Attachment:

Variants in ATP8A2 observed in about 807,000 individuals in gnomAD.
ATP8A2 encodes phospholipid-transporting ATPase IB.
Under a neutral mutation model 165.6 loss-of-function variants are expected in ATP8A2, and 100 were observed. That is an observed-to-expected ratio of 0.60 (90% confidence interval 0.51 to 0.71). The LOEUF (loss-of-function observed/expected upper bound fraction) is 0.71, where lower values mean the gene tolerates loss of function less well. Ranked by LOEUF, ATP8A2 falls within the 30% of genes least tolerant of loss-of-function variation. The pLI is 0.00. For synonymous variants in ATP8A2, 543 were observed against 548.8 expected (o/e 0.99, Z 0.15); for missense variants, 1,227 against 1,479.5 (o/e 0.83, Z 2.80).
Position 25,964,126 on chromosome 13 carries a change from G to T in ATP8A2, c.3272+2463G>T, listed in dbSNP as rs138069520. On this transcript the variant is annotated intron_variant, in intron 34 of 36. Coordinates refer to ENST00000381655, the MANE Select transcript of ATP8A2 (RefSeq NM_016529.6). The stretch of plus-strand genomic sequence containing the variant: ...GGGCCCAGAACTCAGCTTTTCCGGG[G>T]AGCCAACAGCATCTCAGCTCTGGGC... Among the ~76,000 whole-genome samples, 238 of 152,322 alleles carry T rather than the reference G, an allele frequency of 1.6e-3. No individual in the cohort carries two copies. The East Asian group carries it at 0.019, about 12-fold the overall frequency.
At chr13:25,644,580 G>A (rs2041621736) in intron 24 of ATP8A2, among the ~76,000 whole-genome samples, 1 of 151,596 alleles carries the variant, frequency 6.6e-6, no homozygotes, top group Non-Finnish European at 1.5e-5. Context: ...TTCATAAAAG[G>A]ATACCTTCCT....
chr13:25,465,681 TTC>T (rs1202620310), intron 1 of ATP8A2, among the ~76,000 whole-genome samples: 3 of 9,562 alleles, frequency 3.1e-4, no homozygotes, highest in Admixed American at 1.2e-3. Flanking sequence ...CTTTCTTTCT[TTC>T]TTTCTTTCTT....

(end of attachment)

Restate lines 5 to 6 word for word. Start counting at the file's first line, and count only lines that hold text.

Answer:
At chr13:25,644,580 G>A (rs2041621736) in intron 24 of ATP8A2, among the ~76,000 whole-genome samples, 1 of 151,596 alleles carries the variant, frequency 6.6e-6, no homozygotes, top group Non-Finnish European at 1.5e-5. Context: ...TTCATAAAAG[G>A]ATACCTTCCT....
chr13:25,465,681 TTC>T (rs1202620310), intron 1 of ATP8A2, among the ~76,000 whole-genome samples: 3 of 9,562 alleles, frequency 3.1e-4, no homozygotes, highest in Admixed American at 1.2e-3. Flanking sequence ...CTTTCTTTCT[TTC>T]TTTCTTTCTT....